2 LEARNING OBJECTIVES 2 At the end of this session participants will be able to: explain the Sustainable Forest Management and its factors, evaluate sustainability in forestry in accordance to the relevant criteria and indicators and identifying the un-sustainable forest management practice.
3 DEFINITIONS OF SFM 3 Sustainable Forest Management (SFM) the process of managing forests ensuring goods and services derived from forest meet current needs while at the same time securing their continious availability and contribution to long-term development.
4 CHARACTERISTICS OF SFM 4 Social Economy SFM Environment Sustainable forest management mediates a range of economic, social and environment concerns that underpin for the continuity of forests utilization and optimal exploitation on its natural resources.
5 CHARACTERISTICS OF SFM 5 Social Economy SFM Environment Characteristics of SFM can be divided into 7 main groups: 1. Extent of forest resources; 2. Biological diversity; 3. Forest health and vitality; 4. Productive function of forest resources; 5. Protective function of forest resources; 6. Socio-economic functions; 7. Legal policy and institutional framework.
6 CHARACTERISTICS OF SFM 6 1. Extent of forest resources The theme expresses an overall desire to have significant forest coverage to support the social, economic and environmental dimensions of forestry. The existence and extent of specific forest types are important as a basis for conservation efforts. This theme aims to reduce deforestation and rehabilitate degraded forest landscapes.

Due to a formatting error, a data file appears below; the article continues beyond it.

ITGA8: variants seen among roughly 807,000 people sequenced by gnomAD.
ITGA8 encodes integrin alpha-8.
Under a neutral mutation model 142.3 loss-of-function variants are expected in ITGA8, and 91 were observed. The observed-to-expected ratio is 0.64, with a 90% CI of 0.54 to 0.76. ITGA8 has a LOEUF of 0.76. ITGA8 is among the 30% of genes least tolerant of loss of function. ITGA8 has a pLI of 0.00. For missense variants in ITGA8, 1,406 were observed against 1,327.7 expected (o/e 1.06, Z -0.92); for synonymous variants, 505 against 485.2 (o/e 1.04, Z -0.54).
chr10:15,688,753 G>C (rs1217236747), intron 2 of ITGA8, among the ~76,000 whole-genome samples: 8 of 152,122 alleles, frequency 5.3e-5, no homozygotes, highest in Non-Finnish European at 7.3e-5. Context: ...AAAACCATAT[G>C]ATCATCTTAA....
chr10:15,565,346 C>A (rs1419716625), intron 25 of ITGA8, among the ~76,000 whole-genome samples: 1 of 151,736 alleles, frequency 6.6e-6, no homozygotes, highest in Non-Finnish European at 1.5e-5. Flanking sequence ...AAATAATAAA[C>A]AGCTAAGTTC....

7 CHARACTERISTICS OF SFM 7 2. Biological diversity Biological diversity is concerned with the conservation and management of biodiversity at ecosystem, landscape, species and genetic levels. Such conservation includes protecting areas with fragile ecosystems, conserving habitats of endangered species and therefore maintaining diversity of life, and providing connectivity between protected areas (to avoid fragmentation and isolation of populations) to keep ecosystems viable.
8 CHARACTERISTICS OF SFM 8 3. Forest health and vitality Forests need to be managed to mitigate the risks and minimize the impacts of unwanted disturbances, including wildfires, airborne pollution, storm felling, invasive species, pests, diseases and insects. Such disturbances may affect social, economic as well as environmental dimensions of forestry.
9 CHARACTERISTICS OF SFM 9 4. Productive functions of forest resources Forests and trees outside forests provide a wide range of wood and non-wood forest products. This theme covers the objective of maintaining a high and valuable supply of primary forest products, while at the same time ensuring that production and harvesting are sustainable.
10 CHARACTERISTICS OF SFM Protective functions of forest resources The theme delivers the role of forests to help moderate soil, hydrological and aquatic systems. This includes maintaining clean water, including healthy fish populations, as well as minimizing the risks and impacts associated with floods, avalanches, erosion and droughts. Protective functions of forest resources also contribute to ecosystem conservation efforts.